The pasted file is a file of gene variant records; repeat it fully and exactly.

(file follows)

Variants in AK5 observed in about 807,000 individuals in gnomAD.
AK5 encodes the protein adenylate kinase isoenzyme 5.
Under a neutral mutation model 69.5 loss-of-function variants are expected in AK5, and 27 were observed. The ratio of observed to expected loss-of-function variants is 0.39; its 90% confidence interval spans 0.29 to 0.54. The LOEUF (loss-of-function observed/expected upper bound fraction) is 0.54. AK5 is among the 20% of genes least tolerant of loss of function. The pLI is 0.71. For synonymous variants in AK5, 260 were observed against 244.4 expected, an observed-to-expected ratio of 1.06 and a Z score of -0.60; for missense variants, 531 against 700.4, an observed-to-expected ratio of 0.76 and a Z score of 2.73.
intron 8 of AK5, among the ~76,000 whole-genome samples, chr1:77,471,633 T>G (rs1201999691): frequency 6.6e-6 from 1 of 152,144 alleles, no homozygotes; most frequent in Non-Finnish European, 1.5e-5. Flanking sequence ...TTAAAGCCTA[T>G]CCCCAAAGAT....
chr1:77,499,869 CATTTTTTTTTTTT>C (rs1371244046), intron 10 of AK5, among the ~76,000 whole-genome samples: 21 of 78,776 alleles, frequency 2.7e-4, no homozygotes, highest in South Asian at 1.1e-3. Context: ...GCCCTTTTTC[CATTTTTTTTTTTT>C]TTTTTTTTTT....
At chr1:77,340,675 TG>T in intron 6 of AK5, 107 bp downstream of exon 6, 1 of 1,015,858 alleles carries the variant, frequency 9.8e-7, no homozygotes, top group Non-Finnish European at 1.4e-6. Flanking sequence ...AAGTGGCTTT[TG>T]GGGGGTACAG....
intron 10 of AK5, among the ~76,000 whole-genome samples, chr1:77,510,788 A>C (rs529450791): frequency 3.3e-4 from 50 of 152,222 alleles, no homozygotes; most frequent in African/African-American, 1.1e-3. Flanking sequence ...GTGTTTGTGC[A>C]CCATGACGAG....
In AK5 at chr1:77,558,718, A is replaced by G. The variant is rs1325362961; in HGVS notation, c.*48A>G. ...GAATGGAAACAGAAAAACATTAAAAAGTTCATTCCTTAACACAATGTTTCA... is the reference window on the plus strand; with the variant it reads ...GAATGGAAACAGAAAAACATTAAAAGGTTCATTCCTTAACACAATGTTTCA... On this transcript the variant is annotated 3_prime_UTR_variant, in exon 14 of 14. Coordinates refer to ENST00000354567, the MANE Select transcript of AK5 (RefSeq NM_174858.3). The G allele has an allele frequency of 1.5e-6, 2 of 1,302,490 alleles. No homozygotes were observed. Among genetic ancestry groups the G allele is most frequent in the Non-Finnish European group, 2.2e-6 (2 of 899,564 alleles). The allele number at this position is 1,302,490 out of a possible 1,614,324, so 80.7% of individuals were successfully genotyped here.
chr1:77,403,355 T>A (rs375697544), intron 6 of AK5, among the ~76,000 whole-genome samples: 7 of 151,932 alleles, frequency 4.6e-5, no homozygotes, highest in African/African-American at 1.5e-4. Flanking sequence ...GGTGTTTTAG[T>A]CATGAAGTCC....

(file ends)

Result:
Variants in AK5 observed in about 807,000 individuals in gnomAD.
AK5 encodes the protein adenylate kinase isoenzyme 5.
Under a neutral mutation model 69.5 loss-of-function variants are expected in AK5, and 27 were observed. The ratio of observed to expected loss-of-function variants is 0.39; its 90% confidence interval spans 0.29 to 0.54. The LOEUF (loss-of-function observed/expected upper bound fraction) is 0.54. AK5 is among the 20% of genes least tolerant of loss of function. The pLI is 0.71. For synonymous variants in AK5, 260 were observed against 244.4 expected, an observed-to-expected ratio of 1.06 and a Z score of -0.60; for missense variants, 531 against 700.4, an observed-to-expected ratio of 0.76 and a Z score of 2.73.
intron 8 of AK5, among the ~76,000 whole-genome samples, chr1:77,471,633 T>G (rs1201999691): frequency 6.6e-6 from 1 of 152,144 alleles, no homozygotes; most frequent in Non-Finnish European, 1.5e-5. Flanking sequence ...TTAAAGCCTA[T>G]CCCCAAAGAT....
chr1:77,499,869 CATTTTTTTTTTTT>C (rs1371244046), intron 10 of AK5, among the ~76,000 whole-genome samples: 21 of 78,776 alleles, frequency 2.7e-4, no homozygotes, highest in South Asian at 1.1e-3. Context: ...GCCCTTTTTC[CATTTTTTTTTTTT>C]TTTTTTTTTT....
At chr1:77,340,675 TG>T in intron 6 of AK5, 107 bp downstream of exon 6, 1 of 1,015,858 alleles carries the variant, frequency 9.8e-7, no homozygotes, top group Non-Finnish European at 1.4e-6. Flanking sequence ...AAGTGGCTTT[TG>T]GGGGGTACAG....
intron 10 of AK5, among the ~76,000 whole-genome samples, chr1:77,510,788 A>C (rs529450791): frequency 3.3e-4 from 50 of 152,222 alleles, no homozygotes; most frequent in African/African-American, 1.1e-3. Flanking sequence ...GTGTTTGTGC[A>C]CCATGACGAG....
In AK5 at chr1:77,558,718, A is replaced by G. The variant is rs1325362961; in HGVS notation, c.*48A>G. ...GAATGGAAACAGAAAAACATTAAAAAGTTCATTCCTTAACACAATGTTTCA... is the reference window on the plus strand; with the variant it reads ...GAATGGAAACAGAAAAACATTAAAAGGTTCATTCCTTAACACAATGTTTCA... On this transcript the variant is annotated 3_prime_UTR_variant, in exon 14 of 14. Coordinates refer to ENST00000354567, the MANE Select transcript of AK5 (RefSeq NM_174858.3). The G allele has an allele frequency of 1.5e-6, 2 of 1,302,490 alleles. No homozygotes were observed. Among genetic ancestry groups the G allele is most frequent in the Non-Finnish European group, 2.2e-6 (2 of 899,564 alleles). The allele number at this position is 1,302,490 out of a possible 1,614,324, so 80.7% of individuals were successfully genotyped here.
chr1:77,403,355 T>A (rs375697544), intron 6 of AK5, among the ~76,000 whole-genome samples: 7 of 151,932 alleles, frequency 4.6e-5, no homozygotes, highest in African/African-American at 1.5e-4. Flanking sequence ...GGTGTTTTAG[T>A]CATGAAGTCC....